U.S. Exporters: Sell to the 86 Percent
There are roughly seven billion people inhabiting planet Earth. Of these, one billion live in developed countries and six billion live in the rest of the world.
U.S. business seeking to expand their markets should engage with the six billion, said Vijay Mahajan, a professor of business at the University of Texas at Austin.
“I define developed countries as those with a per capita gross domestic product of at least ten-thousand U.S. dollars a year,” said Mahajan, who spoke at the think tank Atlantic Council’s Global Strategy Summit in Washington last week.
“That’s the 14 percent,” he added. “The rest of the world is the 86 percent.”
U.S. businesses should not underestimate their clout in the global economy. “The U.S. makes up three percent of the world population and commands 15 percent of world GDP,” said Mahajan. “If we sneeze, someone loses a job in Bangladesh.”
Making it from the 86 percent to the 14 percent is not easy, Mahajan noted. South Korea managed that feat in the 1980s, but since then, economic “sustainability became an issue for them,” he said. Mexico and Malaysia are currently approaching the $10,000 GDP per capita threshold.
What might engagement with the 86 percent look like? One fact to consider is that the majority of the 86 percent live in China, India, and Africa.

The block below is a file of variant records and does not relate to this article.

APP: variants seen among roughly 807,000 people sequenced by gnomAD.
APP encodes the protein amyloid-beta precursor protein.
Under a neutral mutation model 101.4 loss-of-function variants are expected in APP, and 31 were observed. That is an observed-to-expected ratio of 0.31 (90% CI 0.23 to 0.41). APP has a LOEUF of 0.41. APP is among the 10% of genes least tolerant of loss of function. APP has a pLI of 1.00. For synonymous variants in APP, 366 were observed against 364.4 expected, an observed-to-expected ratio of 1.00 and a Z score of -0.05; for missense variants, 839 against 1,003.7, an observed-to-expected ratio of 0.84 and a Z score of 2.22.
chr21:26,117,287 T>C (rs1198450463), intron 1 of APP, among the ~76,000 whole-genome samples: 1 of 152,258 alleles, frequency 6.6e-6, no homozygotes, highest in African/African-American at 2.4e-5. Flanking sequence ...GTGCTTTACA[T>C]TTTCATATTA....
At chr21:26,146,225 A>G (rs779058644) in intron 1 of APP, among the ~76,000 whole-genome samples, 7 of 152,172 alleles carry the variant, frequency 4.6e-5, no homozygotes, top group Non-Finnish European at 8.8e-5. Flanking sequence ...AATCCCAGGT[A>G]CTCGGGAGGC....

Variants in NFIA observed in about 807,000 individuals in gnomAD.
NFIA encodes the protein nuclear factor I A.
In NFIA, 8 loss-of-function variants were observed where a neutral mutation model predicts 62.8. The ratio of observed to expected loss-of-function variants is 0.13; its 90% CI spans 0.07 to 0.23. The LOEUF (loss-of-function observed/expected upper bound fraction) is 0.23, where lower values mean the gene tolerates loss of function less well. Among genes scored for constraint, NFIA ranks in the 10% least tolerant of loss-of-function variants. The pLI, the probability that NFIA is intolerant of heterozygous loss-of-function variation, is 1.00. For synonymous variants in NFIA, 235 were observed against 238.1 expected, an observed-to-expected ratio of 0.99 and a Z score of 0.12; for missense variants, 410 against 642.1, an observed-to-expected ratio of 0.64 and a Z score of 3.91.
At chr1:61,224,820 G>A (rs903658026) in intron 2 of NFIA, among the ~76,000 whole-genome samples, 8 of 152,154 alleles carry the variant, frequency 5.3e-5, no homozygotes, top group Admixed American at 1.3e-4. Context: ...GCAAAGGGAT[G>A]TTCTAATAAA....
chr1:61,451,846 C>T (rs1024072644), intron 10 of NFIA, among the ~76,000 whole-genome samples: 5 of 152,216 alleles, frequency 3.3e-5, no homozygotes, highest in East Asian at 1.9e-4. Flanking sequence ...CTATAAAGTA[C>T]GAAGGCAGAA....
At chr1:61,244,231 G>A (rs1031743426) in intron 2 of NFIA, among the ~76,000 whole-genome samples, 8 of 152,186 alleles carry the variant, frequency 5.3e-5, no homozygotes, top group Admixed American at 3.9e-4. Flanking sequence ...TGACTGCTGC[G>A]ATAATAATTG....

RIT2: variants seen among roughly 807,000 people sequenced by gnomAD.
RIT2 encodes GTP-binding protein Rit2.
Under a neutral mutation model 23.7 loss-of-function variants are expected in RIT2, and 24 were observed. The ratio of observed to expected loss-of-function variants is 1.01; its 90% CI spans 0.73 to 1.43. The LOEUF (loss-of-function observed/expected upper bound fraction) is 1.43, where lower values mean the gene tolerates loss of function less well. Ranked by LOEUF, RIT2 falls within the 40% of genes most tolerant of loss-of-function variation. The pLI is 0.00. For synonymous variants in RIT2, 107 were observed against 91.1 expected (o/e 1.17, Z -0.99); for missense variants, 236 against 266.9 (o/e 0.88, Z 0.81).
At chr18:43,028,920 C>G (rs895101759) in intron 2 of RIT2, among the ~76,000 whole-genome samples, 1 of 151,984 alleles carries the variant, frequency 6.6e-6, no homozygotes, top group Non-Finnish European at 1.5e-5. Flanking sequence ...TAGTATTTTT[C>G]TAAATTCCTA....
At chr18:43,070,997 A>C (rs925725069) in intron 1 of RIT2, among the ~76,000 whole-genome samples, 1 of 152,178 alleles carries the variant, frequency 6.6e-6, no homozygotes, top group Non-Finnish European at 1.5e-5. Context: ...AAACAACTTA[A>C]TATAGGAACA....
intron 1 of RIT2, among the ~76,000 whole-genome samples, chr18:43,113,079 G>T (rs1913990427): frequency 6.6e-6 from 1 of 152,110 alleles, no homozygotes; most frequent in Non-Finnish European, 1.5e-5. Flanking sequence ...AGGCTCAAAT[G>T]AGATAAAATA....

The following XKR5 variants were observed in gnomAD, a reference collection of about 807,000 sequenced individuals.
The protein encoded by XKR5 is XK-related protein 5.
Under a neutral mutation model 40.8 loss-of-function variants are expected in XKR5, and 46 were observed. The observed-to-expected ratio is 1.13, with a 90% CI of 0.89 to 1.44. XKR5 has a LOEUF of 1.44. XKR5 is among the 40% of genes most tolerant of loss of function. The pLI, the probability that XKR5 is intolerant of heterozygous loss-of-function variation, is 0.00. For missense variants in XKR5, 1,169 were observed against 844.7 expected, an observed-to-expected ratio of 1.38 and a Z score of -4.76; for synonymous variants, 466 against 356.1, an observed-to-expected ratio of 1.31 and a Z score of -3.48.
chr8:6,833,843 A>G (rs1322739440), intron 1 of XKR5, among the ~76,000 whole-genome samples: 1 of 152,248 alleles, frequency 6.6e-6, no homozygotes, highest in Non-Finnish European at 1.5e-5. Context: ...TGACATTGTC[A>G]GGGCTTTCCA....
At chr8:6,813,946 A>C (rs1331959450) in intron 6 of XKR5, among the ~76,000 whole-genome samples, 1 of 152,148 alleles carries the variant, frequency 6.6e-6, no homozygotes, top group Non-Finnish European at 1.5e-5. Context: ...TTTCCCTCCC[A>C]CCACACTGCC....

Something else to think about is how people of the 86 percent actually live. Many live without 24-hour electricity service, but most—65 percent in India, for example—use mobile phones.
Understanding how technology is changing in these countries and how people actually use technology will teach companies in the developed world how to better reach these potential markets.
“In many parts of India, the mobile phone is the only reliable mode of entertainment in town,” said Mahajan.
U.S. entrepreneurs are already using the entertainment channel of mobile technology to promote brands in India. One such company was sold after three years to Twitter for $30 million.
“The 14 percent can engage with the 86 percent,” said Mahajan. “And there is money to be made.”